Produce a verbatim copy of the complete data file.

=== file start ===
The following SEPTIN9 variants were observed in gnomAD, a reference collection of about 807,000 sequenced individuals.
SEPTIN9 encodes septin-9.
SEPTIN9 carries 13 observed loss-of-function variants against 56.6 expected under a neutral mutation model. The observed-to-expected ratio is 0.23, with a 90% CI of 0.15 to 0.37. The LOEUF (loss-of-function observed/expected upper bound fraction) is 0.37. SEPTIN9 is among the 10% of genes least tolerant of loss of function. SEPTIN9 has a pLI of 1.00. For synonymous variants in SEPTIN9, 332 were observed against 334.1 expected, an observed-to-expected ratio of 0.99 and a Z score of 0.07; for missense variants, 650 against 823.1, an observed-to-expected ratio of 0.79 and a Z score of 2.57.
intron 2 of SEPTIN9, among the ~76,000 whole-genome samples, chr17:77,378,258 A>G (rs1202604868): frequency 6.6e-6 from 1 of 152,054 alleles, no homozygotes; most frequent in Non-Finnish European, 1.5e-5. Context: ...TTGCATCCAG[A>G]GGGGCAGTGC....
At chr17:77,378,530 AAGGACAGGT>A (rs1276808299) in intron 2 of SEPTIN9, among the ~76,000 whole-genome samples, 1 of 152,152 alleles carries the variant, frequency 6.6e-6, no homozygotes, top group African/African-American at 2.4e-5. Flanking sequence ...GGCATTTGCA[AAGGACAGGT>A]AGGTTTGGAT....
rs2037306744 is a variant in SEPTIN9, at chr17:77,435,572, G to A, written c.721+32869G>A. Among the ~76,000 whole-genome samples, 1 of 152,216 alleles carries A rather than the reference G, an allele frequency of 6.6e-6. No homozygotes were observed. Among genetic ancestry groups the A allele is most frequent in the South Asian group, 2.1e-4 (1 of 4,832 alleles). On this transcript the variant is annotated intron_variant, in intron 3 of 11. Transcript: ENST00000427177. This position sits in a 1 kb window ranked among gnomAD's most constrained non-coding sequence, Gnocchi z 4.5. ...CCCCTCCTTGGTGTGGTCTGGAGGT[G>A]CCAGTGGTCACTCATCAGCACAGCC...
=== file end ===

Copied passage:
The following SEPTIN9 variants were observed in gnomAD, a reference collection of about 807,000 sequenced individuals.
SEPTIN9 encodes septin-9.
SEPTIN9 carries 13 observed loss-of-function variants against 56.6 expected under a neutral mutation model. The observed-to-expected ratio is 0.23, with a 90% CI of 0.15 to 0.37. The LOEUF (loss-of-function observed/expected upper bound fraction) is 0.37. SEPTIN9 is among the 10% of genes least tolerant of loss of function. SEPTIN9 has a pLI of 1.00. For synonymous variants in SEPTIN9, 332 were observed against 334.1 expected, an observed-to-expected ratio of 0.99 and a Z score of 0.07; for missense variants, 650 against 823.1, an observed-to-expected ratio of 0.79 and a Z score of 2.57.
intron 2 of SEPTIN9, among the ~76,000 whole-genome samples, chr17:77,378,258 A>G (rs1202604868): frequency 6.6e-6 from 1 of 152,054 alleles, no homozygotes; most frequent in Non-Finnish European, 1.5e-5. Context: ...TTGCATCCAG[A>G]GGGGCAGTGC....
At chr17:77,378,530 AAGGACAGGT>A (rs1276808299) in intron 2 of SEPTIN9, among the ~76,000 whole-genome samples, 1 of 152,152 alleles carries the variant, frequency 6.6e-6, no homozygotes, top group African/African-American at 2.4e-5. Flanking sequence ...GGCATTTGCA[AAGGACAGGT>A]AGGTTTGGAT....
rs2037306744 is a variant in SEPTIN9, at chr17:77,435,572, G to A, written c.721+32869G>A. Among the ~76,000 whole-genome samples, 1 of 152,216 alleles carries A rather than the reference G, an allele frequency of 6.6e-6. No homozygotes were observed. Among genetic ancestry groups the A allele is most frequent in the South Asian group, 2.1e-4 (1 of 4,832 alleles). On this transcript the variant is annotated intron_variant, in intron 3 of 11. Transcript: ENST00000427177. This position sits in a 1 kb window ranked among gnomAD's most constrained non-coding sequence, Gnocchi z 4.5. ...CCCCTCCTTGGTGTGGTCTGGAGGT[G>A]CCAGTGGTCACTCATCAGCACAGCC...